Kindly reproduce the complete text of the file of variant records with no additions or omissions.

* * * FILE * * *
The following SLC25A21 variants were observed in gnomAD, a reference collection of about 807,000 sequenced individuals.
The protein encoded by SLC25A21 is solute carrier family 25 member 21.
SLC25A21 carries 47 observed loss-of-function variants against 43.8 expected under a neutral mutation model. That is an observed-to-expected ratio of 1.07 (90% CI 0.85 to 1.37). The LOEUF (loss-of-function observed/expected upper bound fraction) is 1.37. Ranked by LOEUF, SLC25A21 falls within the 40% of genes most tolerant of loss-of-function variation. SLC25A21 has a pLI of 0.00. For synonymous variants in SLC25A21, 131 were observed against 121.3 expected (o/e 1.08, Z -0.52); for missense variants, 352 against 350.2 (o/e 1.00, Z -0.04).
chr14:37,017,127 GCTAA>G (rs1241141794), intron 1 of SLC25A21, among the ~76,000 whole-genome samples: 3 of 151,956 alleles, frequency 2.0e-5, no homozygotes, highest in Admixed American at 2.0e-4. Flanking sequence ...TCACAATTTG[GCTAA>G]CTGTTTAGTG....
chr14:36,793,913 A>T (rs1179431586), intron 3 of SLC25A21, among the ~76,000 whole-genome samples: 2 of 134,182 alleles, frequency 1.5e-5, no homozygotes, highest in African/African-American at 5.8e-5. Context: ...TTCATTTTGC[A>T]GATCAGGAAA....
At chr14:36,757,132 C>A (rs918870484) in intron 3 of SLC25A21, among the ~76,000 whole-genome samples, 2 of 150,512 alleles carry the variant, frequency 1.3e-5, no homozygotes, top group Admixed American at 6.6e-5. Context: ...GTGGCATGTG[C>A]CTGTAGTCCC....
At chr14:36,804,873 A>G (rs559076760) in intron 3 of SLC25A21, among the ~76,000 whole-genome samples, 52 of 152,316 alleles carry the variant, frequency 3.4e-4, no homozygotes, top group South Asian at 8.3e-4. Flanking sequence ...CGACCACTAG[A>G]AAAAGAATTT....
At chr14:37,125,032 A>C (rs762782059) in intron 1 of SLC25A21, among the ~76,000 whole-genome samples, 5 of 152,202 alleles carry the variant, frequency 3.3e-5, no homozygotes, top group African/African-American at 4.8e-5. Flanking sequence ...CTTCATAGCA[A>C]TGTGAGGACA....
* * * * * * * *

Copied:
The following SLC25A21 variants were observed in gnomAD, a reference collection of about 807,000 sequenced individuals.
The protein encoded by SLC25A21 is solute carrier family 25 member 21.
SLC25A21 carries 47 observed loss-of-function variants against 43.8 expected under a neutral mutation model. That is an observed-to-expected ratio of 1.07 (90% CI 0.85 to 1.37). The LOEUF (loss-of-function observed/expected upper bound fraction) is 1.37. Ranked by LOEUF, SLC25A21 falls within the 40% of genes most tolerant of loss-of-function variation. SLC25A21 has a pLI of 0.00. For synonymous variants in SLC25A21, 131 were observed against 121.3 expected (o/e 1.08, Z -0.52); for missense variants, 352 against 350.2 (o/e 1.00, Z -0.04).
chr14:37,017,127 GCTAA>G (rs1241141794), intron 1 of SLC25A21, among the ~76,000 whole-genome samples: 3 of 151,956 alleles, frequency 2.0e-5, no homozygotes, highest in Admixed American at 2.0e-4. Flanking sequence ...TCACAATTTG[GCTAA>G]CTGTTTAGTG....
chr14:36,793,913 A>T (rs1179431586), intron 3 of SLC25A21, among the ~76,000 whole-genome samples: 2 of 134,182 alleles, frequency 1.5e-5, no homozygotes, highest in African/African-American at 5.8e-5. Context: ...TTCATTTTGC[A>T]GATCAGGAAA....
At chr14:36,757,132 C>A (rs918870484) in intron 3 of SLC25A21, among the ~76,000 whole-genome samples, 2 of 150,512 alleles carry the variant, frequency 1.3e-5, no homozygotes, top group Admixed American at 6.6e-5. Context: ...GTGGCATGTG[C>A]CTGTAGTCCC....
At chr14:36,804,873 A>G (rs559076760) in intron 3 of SLC25A21, among the ~76,000 whole-genome samples, 52 of 152,316 alleles carry the variant, frequency 3.4e-4, no homozygotes, top group South Asian at 8.3e-4. Flanking sequence ...CGACCACTAG[A>G]AAAAGAATTT....
At chr14:37,125,032 A>C (rs762782059) in intron 1 of SLC25A21, among the ~76,000 whole-genome samples, 5 of 152,202 alleles carry the variant, frequency 3.3e-5, no homozygotes, top group African/African-American at 4.8e-5. Flanking sequence ...CTTCATAGCA[A>C]TGTGAGGACA....